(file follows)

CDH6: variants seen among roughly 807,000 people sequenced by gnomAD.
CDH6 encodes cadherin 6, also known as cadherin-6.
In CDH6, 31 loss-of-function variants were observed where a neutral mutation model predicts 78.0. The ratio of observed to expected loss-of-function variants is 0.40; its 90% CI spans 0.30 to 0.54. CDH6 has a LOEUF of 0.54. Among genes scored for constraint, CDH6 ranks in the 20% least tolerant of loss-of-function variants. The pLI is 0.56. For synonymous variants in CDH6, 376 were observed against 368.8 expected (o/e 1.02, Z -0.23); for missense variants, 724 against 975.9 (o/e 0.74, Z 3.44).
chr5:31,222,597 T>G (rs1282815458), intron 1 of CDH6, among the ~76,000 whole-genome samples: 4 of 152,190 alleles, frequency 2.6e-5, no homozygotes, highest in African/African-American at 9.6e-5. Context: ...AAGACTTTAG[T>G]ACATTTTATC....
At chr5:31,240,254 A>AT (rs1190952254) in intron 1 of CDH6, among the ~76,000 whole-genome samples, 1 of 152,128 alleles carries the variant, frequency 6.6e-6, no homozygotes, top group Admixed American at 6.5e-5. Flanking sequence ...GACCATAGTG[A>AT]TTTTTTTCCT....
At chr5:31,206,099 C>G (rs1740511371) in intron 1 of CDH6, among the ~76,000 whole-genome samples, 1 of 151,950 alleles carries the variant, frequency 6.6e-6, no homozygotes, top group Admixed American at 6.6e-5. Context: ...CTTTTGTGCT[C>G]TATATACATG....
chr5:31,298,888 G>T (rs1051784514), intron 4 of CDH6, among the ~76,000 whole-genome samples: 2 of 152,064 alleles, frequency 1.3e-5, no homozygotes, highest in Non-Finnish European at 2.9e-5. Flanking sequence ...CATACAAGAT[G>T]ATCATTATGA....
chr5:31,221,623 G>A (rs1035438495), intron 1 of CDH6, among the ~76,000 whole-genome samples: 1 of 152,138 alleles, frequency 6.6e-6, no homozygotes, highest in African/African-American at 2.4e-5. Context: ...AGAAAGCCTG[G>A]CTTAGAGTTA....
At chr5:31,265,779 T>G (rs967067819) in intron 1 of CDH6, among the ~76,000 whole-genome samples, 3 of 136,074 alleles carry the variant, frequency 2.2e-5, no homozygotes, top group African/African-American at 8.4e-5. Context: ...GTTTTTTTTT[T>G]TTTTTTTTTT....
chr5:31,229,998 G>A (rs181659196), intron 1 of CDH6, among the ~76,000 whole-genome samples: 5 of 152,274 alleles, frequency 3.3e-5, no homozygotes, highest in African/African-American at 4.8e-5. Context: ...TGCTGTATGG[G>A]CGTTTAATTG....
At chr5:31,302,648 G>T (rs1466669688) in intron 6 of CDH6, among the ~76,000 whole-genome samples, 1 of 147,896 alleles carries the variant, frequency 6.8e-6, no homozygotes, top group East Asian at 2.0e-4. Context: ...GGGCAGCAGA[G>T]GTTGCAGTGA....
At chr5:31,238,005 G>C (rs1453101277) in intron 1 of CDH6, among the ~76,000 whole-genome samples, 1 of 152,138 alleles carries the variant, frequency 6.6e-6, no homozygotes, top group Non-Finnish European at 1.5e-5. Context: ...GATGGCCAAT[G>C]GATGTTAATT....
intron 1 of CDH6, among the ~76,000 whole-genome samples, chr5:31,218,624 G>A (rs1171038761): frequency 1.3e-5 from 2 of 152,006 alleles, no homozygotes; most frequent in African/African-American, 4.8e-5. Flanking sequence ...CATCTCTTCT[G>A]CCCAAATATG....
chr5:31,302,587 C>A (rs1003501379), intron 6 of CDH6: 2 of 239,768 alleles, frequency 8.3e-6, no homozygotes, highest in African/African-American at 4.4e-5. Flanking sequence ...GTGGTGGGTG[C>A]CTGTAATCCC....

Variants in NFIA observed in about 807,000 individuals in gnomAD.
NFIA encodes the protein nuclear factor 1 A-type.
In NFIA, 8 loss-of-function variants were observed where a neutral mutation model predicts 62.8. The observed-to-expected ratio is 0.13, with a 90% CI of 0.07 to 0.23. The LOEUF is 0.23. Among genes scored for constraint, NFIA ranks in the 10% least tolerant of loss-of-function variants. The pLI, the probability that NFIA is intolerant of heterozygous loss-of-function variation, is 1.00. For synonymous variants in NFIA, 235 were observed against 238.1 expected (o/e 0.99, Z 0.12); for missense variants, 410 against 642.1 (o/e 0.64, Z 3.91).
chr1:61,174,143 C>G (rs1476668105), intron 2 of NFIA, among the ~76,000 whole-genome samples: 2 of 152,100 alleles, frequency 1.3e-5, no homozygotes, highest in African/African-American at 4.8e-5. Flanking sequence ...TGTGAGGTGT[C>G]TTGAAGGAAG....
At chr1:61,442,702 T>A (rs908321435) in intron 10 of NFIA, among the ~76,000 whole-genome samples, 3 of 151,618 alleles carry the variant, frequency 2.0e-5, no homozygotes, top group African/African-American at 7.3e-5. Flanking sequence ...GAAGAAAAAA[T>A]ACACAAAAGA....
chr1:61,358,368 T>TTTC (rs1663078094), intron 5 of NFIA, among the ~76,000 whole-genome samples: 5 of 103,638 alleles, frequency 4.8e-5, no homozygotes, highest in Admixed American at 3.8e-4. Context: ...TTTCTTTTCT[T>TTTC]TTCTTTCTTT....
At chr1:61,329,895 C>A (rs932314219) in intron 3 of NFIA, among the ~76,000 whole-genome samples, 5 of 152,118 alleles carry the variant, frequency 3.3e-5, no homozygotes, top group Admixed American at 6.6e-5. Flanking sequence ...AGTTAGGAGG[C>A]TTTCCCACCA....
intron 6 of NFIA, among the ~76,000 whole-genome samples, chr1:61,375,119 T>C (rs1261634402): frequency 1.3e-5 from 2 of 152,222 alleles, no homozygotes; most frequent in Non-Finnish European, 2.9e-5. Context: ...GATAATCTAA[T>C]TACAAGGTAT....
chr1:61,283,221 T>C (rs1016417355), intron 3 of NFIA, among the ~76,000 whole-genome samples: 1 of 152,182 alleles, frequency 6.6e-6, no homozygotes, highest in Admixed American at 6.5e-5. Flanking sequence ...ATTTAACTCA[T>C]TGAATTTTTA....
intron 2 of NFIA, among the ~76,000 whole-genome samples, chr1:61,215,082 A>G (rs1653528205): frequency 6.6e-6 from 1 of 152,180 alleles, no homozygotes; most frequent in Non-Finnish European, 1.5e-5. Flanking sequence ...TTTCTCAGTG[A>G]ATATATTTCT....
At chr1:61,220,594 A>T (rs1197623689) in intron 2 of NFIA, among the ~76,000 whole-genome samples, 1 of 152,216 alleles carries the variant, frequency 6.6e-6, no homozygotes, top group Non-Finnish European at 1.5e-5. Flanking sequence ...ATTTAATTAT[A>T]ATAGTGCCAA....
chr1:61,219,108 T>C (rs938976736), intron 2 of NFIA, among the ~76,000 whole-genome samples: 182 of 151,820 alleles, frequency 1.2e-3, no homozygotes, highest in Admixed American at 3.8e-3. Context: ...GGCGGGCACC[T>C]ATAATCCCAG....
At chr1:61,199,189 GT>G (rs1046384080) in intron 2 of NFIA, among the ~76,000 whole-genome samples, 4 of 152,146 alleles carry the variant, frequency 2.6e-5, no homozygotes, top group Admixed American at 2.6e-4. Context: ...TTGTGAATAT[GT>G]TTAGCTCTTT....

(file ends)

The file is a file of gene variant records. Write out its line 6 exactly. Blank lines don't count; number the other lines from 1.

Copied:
At chr5:31,206,099 C>G (rs1740511371) in intron 1 of CDH6, among the ~76,000 whole-genome samples, 1 of 151,950 alleles carries the variant, frequency 6.6e-6, no homozygotes, top group Admixed American at 6.6e-5. Context: ...CTTTTGTGCT[C>G]TATATACATG....